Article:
Is life expectancy increasing? Is health inequality decreasing? These are fundamental questions for population health. It is thus natural to ask if life expectancy and inequality are related. The figure below shows they are. It compares life expectancy – average age at death – to the distribution of the age at death around this average (inequality). If everyone died at the same age there would be no inequality. So average years of life lost per death measures inequality. Higher life expectancy is associated with lower inequality. Each dot is calculated from 5 years worth of data for a country, with 41 countries observed since 1950 (i.e. one dot is for Scotland in 1950-54).
What about change?
But what if inequality decreases, does life expectancy increase (and vice versa)? The next graph compares change in life expectancy to change in inequality from one five year period to the next within countries. For example, one of the dots represents Scotland 1955-59 compared to 1950-54. Improvements in life expectancy are associated with decreasing inequality.
The eye is rather drawn to the extremes in the graph above. Below I focus on changes in inequality between -1 and +1 years where the bulk of the dots reside. I add red lines for no change in life expectancy and no change in inequality. This divides the graph in four. Most dots reside in the top left quadrant, decreasing inequality with increasing life expectancy. There are only a few instances of increasing inequality and increasing life expectancy (top right). There are also not many examples of decreasing inequality and decreasing life expectancy (bottom left). More dots are in the bottom right, representing increasing inequality and decreasing life expectancy. Most of these are changes within countries of the former USSR / Soviet bloc around the time of its collapse.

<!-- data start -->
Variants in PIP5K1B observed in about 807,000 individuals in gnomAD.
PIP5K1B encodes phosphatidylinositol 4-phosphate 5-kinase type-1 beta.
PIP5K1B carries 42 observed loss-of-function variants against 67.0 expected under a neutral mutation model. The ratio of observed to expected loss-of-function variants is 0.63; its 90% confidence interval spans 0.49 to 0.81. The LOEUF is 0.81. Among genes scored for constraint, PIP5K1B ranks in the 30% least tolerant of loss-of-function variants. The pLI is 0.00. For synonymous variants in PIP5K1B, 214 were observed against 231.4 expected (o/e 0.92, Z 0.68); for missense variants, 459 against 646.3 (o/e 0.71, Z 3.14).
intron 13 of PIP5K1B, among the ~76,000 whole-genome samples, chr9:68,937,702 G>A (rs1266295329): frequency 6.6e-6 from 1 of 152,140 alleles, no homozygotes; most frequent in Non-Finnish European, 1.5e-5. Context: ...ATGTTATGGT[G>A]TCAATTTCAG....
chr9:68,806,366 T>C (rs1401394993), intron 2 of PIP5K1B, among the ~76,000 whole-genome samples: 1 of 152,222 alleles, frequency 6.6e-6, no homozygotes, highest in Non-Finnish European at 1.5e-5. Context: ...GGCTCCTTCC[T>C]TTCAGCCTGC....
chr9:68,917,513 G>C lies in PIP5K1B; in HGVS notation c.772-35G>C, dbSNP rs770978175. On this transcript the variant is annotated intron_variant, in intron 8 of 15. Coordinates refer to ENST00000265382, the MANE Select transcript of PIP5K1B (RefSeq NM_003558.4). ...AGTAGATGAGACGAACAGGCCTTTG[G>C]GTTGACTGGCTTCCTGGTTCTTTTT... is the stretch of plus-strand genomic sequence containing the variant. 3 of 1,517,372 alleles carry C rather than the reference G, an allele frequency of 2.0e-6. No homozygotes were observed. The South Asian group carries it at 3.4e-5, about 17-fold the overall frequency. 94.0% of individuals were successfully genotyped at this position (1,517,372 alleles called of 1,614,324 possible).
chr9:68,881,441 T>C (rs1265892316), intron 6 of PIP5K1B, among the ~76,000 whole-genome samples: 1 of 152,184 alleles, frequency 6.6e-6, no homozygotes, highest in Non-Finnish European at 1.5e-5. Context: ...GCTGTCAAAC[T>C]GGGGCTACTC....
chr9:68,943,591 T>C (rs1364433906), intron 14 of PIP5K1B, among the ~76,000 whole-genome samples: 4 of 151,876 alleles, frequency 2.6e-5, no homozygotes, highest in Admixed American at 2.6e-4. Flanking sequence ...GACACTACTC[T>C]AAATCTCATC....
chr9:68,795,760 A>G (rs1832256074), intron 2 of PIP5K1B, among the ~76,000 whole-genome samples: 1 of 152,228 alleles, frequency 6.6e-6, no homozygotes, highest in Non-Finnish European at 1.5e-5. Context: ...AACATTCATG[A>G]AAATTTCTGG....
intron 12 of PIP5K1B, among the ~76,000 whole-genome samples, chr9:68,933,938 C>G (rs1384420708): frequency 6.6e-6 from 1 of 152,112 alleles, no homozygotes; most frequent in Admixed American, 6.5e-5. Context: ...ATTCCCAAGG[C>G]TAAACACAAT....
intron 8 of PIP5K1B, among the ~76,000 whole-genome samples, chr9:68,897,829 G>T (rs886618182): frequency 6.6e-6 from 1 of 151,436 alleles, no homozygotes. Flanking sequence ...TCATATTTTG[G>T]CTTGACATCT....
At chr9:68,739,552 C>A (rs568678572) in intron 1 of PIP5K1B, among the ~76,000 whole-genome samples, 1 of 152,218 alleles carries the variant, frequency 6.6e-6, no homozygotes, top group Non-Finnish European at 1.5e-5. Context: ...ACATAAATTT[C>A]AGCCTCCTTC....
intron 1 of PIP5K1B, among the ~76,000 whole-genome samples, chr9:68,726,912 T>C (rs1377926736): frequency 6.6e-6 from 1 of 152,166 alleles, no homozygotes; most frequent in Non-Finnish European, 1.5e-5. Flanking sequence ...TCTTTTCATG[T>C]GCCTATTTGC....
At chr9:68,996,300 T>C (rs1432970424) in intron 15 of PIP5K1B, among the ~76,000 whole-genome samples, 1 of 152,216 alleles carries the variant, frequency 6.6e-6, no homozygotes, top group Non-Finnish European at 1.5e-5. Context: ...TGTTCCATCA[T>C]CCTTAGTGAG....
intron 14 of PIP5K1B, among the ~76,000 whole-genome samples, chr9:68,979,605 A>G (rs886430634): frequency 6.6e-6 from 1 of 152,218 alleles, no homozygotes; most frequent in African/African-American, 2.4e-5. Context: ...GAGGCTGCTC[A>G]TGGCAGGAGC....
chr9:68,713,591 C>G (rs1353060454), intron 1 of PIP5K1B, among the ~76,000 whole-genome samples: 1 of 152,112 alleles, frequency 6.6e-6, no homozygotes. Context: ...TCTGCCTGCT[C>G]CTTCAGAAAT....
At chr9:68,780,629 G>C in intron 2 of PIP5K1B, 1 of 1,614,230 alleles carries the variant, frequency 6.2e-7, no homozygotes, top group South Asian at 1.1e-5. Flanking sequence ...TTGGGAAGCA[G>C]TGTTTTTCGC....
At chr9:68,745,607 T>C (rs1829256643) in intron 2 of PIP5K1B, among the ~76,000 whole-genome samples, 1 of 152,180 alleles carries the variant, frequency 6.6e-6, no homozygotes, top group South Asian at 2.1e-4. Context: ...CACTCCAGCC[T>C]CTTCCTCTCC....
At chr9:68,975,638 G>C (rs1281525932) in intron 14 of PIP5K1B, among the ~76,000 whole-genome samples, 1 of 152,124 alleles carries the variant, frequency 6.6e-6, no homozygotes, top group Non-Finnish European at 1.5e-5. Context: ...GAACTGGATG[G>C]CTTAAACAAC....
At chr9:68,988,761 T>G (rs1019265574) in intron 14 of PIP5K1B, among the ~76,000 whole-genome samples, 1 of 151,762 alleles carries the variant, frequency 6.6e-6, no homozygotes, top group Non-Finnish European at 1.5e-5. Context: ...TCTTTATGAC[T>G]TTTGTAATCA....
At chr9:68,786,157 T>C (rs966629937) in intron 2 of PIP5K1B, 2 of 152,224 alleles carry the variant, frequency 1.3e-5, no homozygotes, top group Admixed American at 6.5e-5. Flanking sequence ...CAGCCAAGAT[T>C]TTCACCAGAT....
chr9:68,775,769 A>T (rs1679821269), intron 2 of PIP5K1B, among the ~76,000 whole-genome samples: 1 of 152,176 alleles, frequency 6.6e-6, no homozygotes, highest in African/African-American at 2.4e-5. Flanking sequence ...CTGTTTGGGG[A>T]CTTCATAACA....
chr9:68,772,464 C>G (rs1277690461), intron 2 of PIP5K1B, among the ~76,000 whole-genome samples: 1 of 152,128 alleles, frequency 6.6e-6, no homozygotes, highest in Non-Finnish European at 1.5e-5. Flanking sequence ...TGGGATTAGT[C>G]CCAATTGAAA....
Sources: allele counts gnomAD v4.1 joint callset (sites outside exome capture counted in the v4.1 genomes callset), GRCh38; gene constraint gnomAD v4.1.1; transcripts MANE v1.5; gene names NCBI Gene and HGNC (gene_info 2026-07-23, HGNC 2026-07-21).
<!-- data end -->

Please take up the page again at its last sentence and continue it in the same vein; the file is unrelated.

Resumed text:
Yes, I know. This isn’t the normal way to measure health inequalities. Where’s the measure of socioeconomic position? Researchers usually measure inequality by comparing life expectancy between socioeconomic groups. However, if you believe that differences in life expectancy are socially determined then why not differences in variance in life expectancy? This is not to suggest one approach is better than the other. In my view they are complementary. Indeed the approaches have been combined.
Demographers have shown the connection between life expectancy and its variance a number of times before, see here for an example. There has been less focus on how change in one is associated with change in the other. But the point of this post is not to present new results. Rather, that there is a possible connection is important to highlight. It means that reducing inequality may be a good way to improve life expectancy and vice versa.
Data and code
My data source is the Human Mortality Database. It covers higher income countries. You have to register but the data is free. I have put the code used to construct the figures in this Stata file so you can replicate my work. Please tell me about any mistakes.
Funding and disclaimer
The MRC/CSO Social and Public Health Sciences Unit is funded by the Medical Research Council and the Scottish Government Chief Scientist Office. The views expressed are not those of the Medical Research Council or the Scottish Government.
This work is licensed under a Creative Commons Attribution 4.0 International License.